Coronavirus Pandemic, Spiking Hot Spots Spark Fear And Anxiety In U.S.


Mark Chidichimo, a retired FBI agent, said his sister, brother-in-law, brother, nephew and 92-year-old father in Idaho have all been diagnosed with COVID-19 in the last three weeks.

Chidichimo, who lives in New Jersey, had nothing but praise for St. Luke’s in Twin Falls, but said his brother was told that if he needed hospitalization, he’d be sent to Seattle, more than 600 miles away.

“Hey, Idaho. This is coming from someone who has been there, done that: You really want to avoid this if you can,” he said. “It’s going to be really bad, and I pray to God that none of my family members have to be hospitalized. Because if they do, I don’t know if they’ll survive.”

After months of improvement, parts of Europe are going back into lockdown or ramping up restrictions again amid a spike in infections. Italy imposed at least a month of new restrictions across the country on Sunday, insisting that people outdoors wear masks, shutting down gyms, pools and movie theaters, and putting an early curfew on cafes and restaurants.

German Health Minister Jens Spahn, who tested positive Wednesday, pleaded with citizens to wear masks as the virus spikes across the country and hospital ICUs are filling up again.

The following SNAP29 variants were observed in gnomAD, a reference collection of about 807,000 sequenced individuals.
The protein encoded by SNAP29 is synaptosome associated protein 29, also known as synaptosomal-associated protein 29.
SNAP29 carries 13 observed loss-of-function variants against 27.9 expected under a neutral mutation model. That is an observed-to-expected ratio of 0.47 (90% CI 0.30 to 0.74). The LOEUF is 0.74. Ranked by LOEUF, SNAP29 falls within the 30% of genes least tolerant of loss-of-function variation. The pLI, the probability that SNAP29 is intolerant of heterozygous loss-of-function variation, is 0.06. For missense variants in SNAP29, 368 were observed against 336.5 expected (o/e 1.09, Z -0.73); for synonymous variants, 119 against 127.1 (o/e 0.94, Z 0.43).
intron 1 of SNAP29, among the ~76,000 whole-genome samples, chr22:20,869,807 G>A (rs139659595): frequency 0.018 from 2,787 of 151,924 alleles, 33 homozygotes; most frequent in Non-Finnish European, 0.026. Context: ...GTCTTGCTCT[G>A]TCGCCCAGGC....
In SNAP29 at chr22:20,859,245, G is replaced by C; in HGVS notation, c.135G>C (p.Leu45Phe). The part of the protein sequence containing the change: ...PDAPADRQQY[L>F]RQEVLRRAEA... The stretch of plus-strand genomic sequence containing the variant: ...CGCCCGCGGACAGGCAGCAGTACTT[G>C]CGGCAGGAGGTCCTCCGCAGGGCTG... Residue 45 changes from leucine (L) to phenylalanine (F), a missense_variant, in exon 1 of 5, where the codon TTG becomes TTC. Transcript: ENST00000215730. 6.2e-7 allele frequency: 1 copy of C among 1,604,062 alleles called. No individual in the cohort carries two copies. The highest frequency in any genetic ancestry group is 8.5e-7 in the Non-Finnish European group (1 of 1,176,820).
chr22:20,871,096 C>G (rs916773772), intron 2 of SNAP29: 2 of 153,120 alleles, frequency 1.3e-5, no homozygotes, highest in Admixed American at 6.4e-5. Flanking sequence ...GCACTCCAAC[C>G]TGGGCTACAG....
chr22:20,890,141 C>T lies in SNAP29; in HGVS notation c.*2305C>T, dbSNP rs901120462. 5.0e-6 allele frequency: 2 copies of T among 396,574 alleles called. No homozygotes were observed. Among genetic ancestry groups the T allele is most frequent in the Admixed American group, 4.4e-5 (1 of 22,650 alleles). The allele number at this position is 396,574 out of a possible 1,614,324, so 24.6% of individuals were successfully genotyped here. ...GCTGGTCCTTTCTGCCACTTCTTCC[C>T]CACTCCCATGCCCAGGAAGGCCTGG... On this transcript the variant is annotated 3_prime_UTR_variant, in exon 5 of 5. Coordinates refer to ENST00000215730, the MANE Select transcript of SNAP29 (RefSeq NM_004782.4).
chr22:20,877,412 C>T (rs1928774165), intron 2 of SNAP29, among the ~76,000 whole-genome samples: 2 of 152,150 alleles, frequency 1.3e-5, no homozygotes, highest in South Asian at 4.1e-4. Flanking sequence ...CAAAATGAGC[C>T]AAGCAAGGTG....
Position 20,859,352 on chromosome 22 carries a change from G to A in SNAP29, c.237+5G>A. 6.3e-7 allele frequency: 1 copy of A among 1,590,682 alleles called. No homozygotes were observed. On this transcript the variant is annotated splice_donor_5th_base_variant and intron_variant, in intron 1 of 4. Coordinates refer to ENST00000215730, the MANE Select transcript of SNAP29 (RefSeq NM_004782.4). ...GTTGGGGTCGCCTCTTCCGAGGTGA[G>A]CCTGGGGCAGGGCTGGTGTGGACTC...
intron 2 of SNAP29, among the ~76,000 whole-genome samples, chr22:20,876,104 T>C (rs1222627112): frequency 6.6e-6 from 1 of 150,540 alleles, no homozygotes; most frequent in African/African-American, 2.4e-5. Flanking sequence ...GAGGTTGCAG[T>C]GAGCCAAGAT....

“Please continue to help and don’t listen to those who play down (coronavirus),” he said. “It is serious.”

In New Mexico, which reported record numbers of additional COVID-19 cases and hospitalizations in recent days, more than 350 doctors, nurses and other health care professionals signed a letter imploring residents to stay home as much as possible, wear masks and limit large gatherings to help prevent another wave of “lonely deaths.”

“Please help health care professionals help you,” said the letter, posted on the state Department of Health’s website. “Help us protect you. Help us ensure that we have the resources to treat the sick and care for the dying.”

On Saturday, New Mexico officials reported 875 new cases and five additional deaths, increasing the state’s totals to 41,040 cases and 965 deaths. The number of COVID-19 hospitalizations increased to 264, up from a record 229 on Friday, which topped the previous high of 223 from mid-May.

Paur, whose brother and his girlfriend both recently tested positive for the virus, is worried about them, and herself.

“People need to know that our lives are on the line,” the Utah woman said. “We’re running out of money really fast.”

Ramer reported from Concord, N.H.; Sainz reported from Memphis, Tennessee. Associated Press writer Jim Mustian in New Orleans contributed.



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